Tuesday, February 28, 2006

The Greatest Generation

Conducting the graveside service at Dallas-Fort Worth National Cemetery yesterday reminded me again of how grateful I am to those who have served our nation in the military. And while I include all vets in that statement, I am especially grateful to those who served in WW2. We as a nation are losing them by the thousands every day. But that generation -- both those who fought against Hitler and Imperial Japan, as well as those who remained at home -- were perhaps, as Tom Brokaw labeled them, "The Greatest Generation."

My 2nd-cousin led a fighter squadron in the Pacific. Prior to that, he was in flight training in May of 1944, when he was given a leave. He came back to Fort Worth and told his sweetheart that he wanted to elope. He said he just wanted to make sure that they were married before he "got his wings." He said they would tell no one, and they could have a church wedding later. So, they eloped.

They then went straight from the JP's to his parents' house, where he said, "Dad, I have some news for you." His dad said, "Son, I have news for you, too. But you go ahead." Lawrence said, "Doris and I just got married." His dad said, "That's fine. But your leave has been cancelled."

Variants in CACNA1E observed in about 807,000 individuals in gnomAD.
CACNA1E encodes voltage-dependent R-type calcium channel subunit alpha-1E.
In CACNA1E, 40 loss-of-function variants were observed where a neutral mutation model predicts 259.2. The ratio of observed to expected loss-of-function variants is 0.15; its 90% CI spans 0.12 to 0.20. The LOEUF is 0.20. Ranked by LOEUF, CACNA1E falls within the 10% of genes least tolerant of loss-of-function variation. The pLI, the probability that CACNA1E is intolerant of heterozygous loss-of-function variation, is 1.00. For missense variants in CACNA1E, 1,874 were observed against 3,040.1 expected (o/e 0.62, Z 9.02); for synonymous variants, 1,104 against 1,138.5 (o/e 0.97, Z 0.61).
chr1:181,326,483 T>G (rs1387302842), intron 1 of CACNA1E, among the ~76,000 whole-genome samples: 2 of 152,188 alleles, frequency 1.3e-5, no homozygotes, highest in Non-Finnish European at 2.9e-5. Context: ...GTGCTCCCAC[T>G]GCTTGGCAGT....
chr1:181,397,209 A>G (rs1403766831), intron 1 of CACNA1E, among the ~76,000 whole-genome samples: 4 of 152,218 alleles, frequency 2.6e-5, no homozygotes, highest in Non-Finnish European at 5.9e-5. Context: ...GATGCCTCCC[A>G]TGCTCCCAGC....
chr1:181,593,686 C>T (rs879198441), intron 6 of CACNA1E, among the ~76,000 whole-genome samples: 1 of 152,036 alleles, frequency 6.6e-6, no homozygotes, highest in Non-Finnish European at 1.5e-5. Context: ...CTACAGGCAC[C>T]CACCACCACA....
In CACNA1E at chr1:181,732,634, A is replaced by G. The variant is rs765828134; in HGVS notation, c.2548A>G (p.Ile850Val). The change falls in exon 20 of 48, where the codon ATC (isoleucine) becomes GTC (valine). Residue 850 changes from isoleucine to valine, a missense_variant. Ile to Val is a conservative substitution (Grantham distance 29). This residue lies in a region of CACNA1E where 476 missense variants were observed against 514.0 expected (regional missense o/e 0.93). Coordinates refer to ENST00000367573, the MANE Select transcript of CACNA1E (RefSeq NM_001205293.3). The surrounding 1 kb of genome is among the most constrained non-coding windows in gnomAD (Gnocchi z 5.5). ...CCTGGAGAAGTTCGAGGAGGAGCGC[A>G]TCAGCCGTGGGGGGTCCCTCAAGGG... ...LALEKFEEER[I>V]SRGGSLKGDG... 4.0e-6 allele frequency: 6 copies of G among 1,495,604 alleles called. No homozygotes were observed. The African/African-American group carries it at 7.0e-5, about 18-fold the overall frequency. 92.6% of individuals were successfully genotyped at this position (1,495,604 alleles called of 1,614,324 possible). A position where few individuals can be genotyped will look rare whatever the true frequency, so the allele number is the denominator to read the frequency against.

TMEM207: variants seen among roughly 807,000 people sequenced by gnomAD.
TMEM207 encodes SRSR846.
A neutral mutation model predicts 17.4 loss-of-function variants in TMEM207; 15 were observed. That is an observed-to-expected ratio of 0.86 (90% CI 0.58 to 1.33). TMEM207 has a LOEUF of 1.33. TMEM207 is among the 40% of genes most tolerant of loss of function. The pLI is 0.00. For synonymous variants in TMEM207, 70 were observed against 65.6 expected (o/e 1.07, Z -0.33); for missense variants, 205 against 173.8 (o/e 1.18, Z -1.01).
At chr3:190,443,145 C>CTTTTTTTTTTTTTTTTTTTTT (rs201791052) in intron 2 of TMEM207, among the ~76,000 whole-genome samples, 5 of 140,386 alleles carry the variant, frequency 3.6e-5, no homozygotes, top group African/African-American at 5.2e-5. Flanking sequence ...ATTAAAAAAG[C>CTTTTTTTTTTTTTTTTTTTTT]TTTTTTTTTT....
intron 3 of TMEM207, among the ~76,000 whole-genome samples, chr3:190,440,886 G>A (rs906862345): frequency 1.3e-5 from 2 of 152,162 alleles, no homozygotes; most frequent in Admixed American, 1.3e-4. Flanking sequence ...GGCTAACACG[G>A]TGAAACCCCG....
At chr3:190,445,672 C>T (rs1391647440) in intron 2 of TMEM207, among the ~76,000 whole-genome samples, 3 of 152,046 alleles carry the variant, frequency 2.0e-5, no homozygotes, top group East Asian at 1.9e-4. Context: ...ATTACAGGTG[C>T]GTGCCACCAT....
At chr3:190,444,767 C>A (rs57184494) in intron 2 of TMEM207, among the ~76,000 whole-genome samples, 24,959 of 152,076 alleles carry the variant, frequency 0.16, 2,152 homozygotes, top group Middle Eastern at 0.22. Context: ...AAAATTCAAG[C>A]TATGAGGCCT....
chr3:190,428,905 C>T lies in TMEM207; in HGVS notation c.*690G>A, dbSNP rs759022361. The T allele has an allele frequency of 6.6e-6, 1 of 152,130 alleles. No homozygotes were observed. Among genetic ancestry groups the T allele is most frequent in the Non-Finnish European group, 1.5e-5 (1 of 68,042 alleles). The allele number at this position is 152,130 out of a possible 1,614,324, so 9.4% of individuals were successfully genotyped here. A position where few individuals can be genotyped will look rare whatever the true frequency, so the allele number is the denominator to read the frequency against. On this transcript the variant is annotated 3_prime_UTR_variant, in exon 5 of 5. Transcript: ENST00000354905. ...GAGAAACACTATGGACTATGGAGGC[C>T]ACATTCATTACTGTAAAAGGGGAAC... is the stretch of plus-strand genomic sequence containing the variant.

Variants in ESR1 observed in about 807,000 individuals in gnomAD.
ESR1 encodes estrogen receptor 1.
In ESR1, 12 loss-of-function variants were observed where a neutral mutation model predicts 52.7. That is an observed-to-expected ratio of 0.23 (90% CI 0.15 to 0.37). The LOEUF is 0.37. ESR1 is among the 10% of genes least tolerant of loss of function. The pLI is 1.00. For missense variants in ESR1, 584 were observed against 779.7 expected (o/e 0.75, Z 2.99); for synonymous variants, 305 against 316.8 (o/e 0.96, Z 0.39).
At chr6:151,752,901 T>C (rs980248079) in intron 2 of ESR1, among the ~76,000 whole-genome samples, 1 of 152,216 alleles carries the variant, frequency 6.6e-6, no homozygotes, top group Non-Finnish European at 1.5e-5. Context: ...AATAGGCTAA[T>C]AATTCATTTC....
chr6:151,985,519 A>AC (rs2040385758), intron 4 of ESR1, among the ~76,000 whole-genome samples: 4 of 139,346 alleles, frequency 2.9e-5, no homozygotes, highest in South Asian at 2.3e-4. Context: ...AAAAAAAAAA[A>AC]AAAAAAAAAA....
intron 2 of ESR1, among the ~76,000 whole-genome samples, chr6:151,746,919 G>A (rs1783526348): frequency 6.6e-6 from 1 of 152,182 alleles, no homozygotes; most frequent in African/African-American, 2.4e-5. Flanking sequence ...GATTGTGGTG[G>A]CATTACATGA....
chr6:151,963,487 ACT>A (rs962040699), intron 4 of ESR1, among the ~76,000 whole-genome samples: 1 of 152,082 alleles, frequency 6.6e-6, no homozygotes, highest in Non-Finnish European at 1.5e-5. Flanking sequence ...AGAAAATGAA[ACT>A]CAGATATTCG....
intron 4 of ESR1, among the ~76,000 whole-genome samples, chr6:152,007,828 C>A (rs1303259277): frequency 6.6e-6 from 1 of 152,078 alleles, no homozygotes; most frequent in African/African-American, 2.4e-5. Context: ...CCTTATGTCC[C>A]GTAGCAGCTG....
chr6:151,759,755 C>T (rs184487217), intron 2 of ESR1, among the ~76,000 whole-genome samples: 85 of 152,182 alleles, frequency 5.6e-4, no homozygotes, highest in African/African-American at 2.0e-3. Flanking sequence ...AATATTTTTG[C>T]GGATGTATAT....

So, he had to return to flight training immediately, and they did not even see each other again until November. They never got their church wedding -- especially after Doris' parents found out about their eloping. And their marriage lasted only 61 years.

Stories like these were common during that period of history. Newlyweds went years without seeing each other. The sacrifices both on the battlefield and at home are beyond our current generations' collective imaginations.

So as "Taps" was being played yesterday, I thanked God again for these wonderful people. I have been allowed the luxury of living in the shade of their sacrifices. And I am grateful.

Monday, February 27, 2006

A Reason to Rejoice